The City Council's closed-session discussion on the future of Cubberley Community Center was abruptly canceled Monday night after members of the community protested that the controversial subject deserves more transparency and public input.
The council was scheduled to meet behind closed doors to discuss the hot-button topic of Cubberley, a 35-acre community center in south Palo Alto. The city currently owns 8 acres at Cubberley and leases the remainder from the Palo Alto Unified School District, an agreement that is set to expire in late 2014. Over the past year, the Palo Alto council has been weighing its options for the well-used but dilapidated center. Last month, a specially appointed Cubberley Community Advisory Committee released a report on Cubberley which advocates a lease renewal, shared use between the city and the school district and space for a third high school.
On Monday, several members of this citizens committee spoke out before the closed session and argued against holding the private meeting. According to the council agenda, the council was to discuss real property negotiations regarding Cubberley and Ventura School.
Jennifer Hetterly, vice chair of the Parks and Recreation Commission and member of the Cubberley committee, told the council that there is "significant concern among residents about not only what will happen there, but about the process we'll follow" to resolve the issue. The council's closed session meeting, she said, "creates an appearance that the council's goals and priorities have already been determined, such that you can provide specific guidance to negotiators."
Diane Reklis, former school board president and member of the Cubberley committee, also counseled officials not to meet behind closed doors. She urged the council to hold a public hearing and give people a chance to understand the committee's report before discussing Cubberley in a closed session.
"There needs to be more openness before you get to the closeness," Reklis said.
Sheri Furman, who also served on the Cubberley committee, called the closed session "premature" and also asked for a public hearing.
The council agreed, with Councilman Larry Klein proposing a public hearing on Cubberley on May 13 and a closed-session discussion on May 20. Klein, who served on the Cubberley Policy Advisory Committee (which included council members and school board members), said he has heard from various members of the community, who urged against the closed session discussion. The council should respect their wishes, Klein said.
Vice Mayor Nancy Shepherd, who also sits on the policy committee, told the Weekly that the closed-session discussion was scheduled because some council members felt they had received enough information about Cubberley in recent months to enable a "substantive discussion" of the issues involved. But she agreed Monday that another public hearing would be beneficial in that it would promote transparency.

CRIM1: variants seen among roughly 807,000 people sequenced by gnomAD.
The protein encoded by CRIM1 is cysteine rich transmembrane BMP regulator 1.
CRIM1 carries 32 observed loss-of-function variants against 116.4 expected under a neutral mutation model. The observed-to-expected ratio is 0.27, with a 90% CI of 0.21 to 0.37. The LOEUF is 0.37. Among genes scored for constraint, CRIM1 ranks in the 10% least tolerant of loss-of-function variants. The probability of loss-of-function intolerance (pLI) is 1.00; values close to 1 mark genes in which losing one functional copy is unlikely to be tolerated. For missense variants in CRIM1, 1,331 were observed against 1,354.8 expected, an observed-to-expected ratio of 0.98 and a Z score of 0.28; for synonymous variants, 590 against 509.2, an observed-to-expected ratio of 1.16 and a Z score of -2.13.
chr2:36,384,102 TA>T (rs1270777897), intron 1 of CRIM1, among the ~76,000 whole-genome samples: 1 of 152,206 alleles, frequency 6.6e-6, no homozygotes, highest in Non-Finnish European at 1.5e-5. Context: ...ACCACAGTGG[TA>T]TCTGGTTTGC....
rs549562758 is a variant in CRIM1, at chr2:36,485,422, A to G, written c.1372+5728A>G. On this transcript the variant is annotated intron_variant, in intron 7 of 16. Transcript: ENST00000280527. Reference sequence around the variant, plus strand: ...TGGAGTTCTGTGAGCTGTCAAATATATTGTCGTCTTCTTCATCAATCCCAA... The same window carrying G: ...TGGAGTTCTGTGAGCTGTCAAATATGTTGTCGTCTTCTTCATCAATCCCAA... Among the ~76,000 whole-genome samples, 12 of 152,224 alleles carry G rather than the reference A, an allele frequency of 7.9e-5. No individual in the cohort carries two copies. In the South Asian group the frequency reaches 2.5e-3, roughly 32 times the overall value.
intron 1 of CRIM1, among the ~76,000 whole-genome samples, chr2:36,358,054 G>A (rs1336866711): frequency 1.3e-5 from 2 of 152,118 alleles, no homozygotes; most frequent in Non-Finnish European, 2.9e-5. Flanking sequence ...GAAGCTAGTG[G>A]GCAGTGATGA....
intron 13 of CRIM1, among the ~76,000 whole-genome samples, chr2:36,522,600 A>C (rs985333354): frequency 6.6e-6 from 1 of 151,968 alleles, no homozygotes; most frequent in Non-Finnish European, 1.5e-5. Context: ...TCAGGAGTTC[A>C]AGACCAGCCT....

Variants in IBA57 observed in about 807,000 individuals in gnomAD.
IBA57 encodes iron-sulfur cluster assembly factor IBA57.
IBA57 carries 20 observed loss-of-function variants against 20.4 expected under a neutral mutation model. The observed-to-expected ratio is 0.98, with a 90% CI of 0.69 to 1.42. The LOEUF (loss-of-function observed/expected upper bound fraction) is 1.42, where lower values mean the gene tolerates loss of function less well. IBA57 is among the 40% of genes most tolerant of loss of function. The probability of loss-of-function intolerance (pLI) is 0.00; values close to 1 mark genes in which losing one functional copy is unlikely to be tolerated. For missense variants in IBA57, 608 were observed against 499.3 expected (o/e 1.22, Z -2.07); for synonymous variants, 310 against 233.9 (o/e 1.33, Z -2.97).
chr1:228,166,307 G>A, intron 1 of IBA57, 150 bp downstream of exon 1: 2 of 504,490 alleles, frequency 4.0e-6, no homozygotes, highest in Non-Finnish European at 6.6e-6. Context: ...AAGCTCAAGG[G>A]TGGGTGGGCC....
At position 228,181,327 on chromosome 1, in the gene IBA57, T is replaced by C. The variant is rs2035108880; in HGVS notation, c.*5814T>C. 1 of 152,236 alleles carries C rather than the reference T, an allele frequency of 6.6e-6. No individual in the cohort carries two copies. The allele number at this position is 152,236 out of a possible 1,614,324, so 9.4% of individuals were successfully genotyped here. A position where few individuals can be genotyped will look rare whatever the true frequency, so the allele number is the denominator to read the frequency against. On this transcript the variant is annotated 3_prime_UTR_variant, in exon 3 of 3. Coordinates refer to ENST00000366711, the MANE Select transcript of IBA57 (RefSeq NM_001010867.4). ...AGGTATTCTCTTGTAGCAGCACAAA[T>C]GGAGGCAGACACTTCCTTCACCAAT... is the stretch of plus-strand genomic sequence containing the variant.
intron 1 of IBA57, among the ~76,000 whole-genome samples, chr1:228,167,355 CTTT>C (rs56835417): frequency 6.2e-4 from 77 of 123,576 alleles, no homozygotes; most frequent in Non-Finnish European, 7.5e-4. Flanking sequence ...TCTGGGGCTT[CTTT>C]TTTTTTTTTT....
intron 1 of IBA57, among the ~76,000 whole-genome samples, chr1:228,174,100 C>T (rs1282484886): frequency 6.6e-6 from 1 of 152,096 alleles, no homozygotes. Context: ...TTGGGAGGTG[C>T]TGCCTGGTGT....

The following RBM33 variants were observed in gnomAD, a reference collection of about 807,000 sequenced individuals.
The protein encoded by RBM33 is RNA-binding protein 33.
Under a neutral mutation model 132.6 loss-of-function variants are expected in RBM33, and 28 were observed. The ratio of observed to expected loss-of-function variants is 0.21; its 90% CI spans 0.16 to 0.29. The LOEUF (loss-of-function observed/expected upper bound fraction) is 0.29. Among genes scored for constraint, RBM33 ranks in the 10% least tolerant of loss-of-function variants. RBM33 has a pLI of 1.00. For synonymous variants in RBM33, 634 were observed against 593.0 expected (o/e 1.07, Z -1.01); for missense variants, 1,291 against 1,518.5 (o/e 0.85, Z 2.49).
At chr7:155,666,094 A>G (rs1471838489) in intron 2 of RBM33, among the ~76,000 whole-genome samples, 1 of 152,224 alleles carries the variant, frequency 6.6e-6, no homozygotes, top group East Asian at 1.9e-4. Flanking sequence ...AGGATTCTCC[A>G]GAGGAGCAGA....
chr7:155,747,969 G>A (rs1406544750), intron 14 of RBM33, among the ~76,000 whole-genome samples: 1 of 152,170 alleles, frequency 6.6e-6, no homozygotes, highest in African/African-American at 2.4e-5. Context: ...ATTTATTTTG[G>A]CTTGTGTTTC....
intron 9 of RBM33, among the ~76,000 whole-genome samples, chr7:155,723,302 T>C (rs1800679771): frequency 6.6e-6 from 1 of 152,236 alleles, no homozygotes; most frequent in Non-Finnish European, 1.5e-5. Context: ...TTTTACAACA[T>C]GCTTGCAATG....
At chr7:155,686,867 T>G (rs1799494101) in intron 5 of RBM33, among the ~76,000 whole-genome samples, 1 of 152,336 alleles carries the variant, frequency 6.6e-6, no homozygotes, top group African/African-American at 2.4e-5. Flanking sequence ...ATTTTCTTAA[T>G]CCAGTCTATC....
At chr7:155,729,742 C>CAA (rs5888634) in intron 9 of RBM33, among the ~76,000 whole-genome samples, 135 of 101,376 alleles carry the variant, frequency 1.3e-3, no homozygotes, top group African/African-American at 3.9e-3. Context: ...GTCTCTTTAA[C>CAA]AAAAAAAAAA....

While Klein proposed the May 13 public hearing, he also pointed out that the main decisions when it comes to the community center will ultimately be made behind closed doors.
"There may be certain basic points, such as -- Should we have a new lease? -- that might be appropriate for a public discussion," Klein said. "But I think the people will be disappointed quite frankly that a public meeting isn't going to result in what many people would like to see. There isn't going to be a great moment -- at least I don't think there should be -- where a City Council or a school board member lays out a whole menu of things they'd accept in a particular lease."
Klein also noted, in response to Furman, that the city would like to reach a decision on Cubberley by the end of this year, which doesn't leave officials very much time.
"This is a major issue and I think we'd need to get moving on it and not put things off and put things off, which is of course a human tendency, but I don't think we can afford it on this issue," Klein said.
The council supported Klein's proposal with an 8-0 vote (Liz Kniss was absent). Councilwoman Karen Holman sided with the speakers and said that another public hearing would add transparency to the process. But it was Councilman Greg Schmid spoke most forcefully against the closed session, saying that he found the proposed discussion "striking" and tantamount to a broken promise to the community.
"It's critical we have a process that gains the public's trust and confidence," Schmid said. "Finally, I'm a firm believer that an open and transparent process leads government leaders to better decisions and I can see no value added by moving to a closed session."